I guess the questions are: are you in a position to expect to be paid at this point in your career? (You obviously are, but others may not be.) If you aren’t making enough money out of freelancing then do you love what you do enough to put in unpaid hours in the hope of future payoff? (I am and I’d like to think other people might be too.) Putting unpaid hours into a project intended to help build networks, raise profiles of subjects (e.g. books) and participants (e.g. interviewees, reviewers) and hopefully earn a living down the track in an industry I enjoy is not a hobby, it’s an investment. I’d like to think other writers and editors feel the same way.

  2. Yeah! Online fiction magazines rock!

    I’m the editor in chief of eFiction magazine. A little mag I started while getting my degree in Creative Writing. I realized while in school that I needed to figure out a way to make some money with my degree. And while a fiction magazine isn’t usually understood as a way to do that, I’ve worked really hard and made it happen. Thanks to Amazon’s Kindle Periodicals program, my costs are next to zero and I can charge monthly subscription dues. That’s what makes it work.

    We’re about to transition into a paying market in two months, our second anniversary, and I’m super excited to finally be able to pay the writers who contribute so much to my magazine and make my wonderful job possible.

    Thanks for highlighting online fiction mags! More people should be made aware that they exist and that they’re lots of fun to read!

  3. Ecopy for me. Buying magazines like Clarkesworld and Lightspeed for Kindle has revolutionised my reading habits, and made me realise how much I love short SF/F fiction. In the old days I never read many magazines in the genre as the price of a print copy and postage often came to nearly as much as a big fat book from a bookshop, and being perennially broke and a fast reader I always prioritised the latter. Then you could read online but I never found it relaxing sitting at my desktop reading. Now I can actually afford to buy magazines (& anthologies, too) as ebooks and read them on my e-reader and I feel like a lot of the stuff I was missing out on in the genre I can now get to, and it’s great! I can’t rave about Lightspeed, in particular, enough – the quality of stories there is incredibly high. I understand now that I always loved short fiction a lot more than I realised; it was a problem of access, not preference, that made me neglect it.
    I don’t know if it’s just that I’m getting used to it but I find it easier to read from websites now too. If I’m feeling uninspired I just open up the archives of The Journal of Mythic Arts and can lose myself happily for a long time 🙂 The online version of Clarkesworld feels very user-friendly to me and I like the fact that you can join in discussions about the stories. I shall be sure to check out The Red Penny Papers too.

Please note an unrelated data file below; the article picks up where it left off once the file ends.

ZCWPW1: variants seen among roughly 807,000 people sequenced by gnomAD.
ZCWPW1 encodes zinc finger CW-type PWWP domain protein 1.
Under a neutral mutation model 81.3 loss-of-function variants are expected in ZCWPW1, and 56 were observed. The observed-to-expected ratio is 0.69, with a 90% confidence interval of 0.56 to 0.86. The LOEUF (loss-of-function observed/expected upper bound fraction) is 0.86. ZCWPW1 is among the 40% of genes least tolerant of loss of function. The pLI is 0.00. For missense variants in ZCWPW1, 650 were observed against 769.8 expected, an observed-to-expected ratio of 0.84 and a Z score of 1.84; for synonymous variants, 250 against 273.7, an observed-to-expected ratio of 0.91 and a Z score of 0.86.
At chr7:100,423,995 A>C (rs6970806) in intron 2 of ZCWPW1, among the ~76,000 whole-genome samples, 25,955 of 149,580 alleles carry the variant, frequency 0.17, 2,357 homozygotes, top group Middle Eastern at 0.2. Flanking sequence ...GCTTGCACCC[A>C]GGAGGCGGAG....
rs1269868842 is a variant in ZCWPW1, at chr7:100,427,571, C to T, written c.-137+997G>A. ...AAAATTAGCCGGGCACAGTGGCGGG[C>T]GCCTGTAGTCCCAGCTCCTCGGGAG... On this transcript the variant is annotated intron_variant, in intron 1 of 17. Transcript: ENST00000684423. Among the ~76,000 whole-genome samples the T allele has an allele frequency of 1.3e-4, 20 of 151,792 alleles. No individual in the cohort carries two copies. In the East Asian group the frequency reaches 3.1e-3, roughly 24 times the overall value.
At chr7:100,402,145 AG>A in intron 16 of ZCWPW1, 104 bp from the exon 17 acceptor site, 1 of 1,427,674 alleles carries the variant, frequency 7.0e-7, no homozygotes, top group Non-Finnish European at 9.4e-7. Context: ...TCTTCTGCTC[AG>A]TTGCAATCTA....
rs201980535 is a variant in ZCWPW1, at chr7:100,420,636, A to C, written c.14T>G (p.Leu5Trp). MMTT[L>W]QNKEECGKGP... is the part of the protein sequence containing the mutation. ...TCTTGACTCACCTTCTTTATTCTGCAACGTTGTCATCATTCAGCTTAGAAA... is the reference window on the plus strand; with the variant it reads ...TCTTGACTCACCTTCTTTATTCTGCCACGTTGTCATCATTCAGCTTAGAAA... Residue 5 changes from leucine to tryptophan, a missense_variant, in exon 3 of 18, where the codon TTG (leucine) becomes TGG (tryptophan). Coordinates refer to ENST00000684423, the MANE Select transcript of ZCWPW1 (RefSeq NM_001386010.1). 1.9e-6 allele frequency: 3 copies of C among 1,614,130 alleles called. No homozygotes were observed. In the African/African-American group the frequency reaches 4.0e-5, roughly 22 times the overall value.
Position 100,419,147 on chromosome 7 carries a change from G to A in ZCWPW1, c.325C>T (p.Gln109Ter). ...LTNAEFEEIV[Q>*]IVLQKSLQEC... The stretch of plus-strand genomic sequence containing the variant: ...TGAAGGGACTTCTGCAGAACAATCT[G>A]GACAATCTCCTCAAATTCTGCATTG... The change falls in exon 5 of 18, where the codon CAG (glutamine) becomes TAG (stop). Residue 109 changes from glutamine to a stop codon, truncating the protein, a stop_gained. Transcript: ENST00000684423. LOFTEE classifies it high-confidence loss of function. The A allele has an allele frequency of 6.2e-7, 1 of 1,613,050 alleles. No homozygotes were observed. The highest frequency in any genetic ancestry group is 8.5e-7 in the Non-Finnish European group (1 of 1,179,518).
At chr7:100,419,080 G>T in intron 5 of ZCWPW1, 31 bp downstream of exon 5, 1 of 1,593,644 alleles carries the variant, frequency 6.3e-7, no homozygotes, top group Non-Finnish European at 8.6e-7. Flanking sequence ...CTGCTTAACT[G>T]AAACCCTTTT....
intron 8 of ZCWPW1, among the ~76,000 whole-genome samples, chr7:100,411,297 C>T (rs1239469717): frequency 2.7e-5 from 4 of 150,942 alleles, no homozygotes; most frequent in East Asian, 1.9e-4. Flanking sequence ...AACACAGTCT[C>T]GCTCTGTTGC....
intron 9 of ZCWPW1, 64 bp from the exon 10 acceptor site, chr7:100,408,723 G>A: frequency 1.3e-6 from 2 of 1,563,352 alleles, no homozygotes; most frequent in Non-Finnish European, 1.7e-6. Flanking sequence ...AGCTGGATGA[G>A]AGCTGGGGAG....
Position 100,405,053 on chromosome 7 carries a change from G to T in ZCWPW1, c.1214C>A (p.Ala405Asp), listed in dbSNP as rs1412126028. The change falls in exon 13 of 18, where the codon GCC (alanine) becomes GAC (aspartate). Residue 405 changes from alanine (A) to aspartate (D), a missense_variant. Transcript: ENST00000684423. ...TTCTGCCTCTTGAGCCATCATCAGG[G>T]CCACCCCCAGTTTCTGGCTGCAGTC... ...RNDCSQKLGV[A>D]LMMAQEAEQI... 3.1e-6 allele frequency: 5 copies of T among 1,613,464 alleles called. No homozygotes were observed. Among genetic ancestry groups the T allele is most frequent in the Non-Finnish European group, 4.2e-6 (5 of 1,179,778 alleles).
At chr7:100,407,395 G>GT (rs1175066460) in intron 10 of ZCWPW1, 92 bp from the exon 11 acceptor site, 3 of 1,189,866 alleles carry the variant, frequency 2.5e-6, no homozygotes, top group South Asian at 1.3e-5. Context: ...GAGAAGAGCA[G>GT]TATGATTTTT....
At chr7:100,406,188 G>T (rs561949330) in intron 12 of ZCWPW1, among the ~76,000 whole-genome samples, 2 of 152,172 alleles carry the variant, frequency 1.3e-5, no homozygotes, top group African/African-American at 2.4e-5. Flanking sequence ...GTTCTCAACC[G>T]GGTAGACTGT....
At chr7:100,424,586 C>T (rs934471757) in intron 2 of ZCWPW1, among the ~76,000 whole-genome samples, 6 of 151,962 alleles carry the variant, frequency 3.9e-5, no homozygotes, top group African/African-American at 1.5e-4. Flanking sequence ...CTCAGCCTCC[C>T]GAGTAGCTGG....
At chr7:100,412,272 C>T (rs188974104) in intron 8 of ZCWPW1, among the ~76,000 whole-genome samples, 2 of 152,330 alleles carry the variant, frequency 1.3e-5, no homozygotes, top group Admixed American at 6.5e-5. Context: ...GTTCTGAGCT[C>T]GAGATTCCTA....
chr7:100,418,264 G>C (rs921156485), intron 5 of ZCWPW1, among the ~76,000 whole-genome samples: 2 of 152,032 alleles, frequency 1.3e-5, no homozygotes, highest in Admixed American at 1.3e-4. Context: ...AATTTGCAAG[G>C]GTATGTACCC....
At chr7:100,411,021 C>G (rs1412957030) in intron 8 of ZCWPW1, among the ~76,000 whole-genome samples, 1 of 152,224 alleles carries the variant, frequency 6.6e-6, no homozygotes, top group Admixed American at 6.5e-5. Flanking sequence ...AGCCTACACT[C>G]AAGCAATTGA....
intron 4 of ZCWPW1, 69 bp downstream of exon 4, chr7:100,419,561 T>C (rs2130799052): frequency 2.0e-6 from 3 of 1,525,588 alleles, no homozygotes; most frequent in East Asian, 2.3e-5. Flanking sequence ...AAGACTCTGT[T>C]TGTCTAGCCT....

4. Dark Matter Fanzine – It’s true that fanzines have ever been a labour of love, but if you can grow to a point where you can pay your contributors and yourself, that would be a great marker of success. Good luck!

    Doug – I’ll be sure to check out your magazine.

    Laura-F – You’re a perfect example of why online zines are finding their stride. I’ve always been a fan of short fiction, but I’m reading a lot more now too, for the reasons you mentioned. And I’ll definitely be including Clarkesworld and Lightspeed in my round up post. They’re two of my favourites.

  5. Alan, in general I believe electronic magazines/books are the future of reading, but I don’t think hard copies will ever go out of style. Or at least not for a long while, probably well after all of us are dead.

    I am interested in some more of your POD thoughts and maybe I should surf around your blog a little. You mentioned Lulu, I assume that’s what you used to print the two hardcovers you discussed? How have you found the quality to be? I’m interested in investigating POD for my fiction e-zine but haven’t been sold on the quality of the product yet. I should probably just order one for myself and see how it turns out.

    As for favorite magazines–I’m of course partial to my own–and Clarkesworld is great; I also really like Lightspeed and Redstone. Corvus is new but I enjoyed their first issue, and they seem to be concerned by the same issues I am (as is Redstone). eFiction Magazine is good too, although not specific to SF. There are tons of them out there, though.

  6. Hi Sam

    You’re right – hard copy isn’t going anywhere, but e-reading will be the main form of consumption before much longer. Lulu do a decent job, but if you’re a publisher you can set up an account directly with Lightning Source and save a lot of money. I’d look into that if I were you.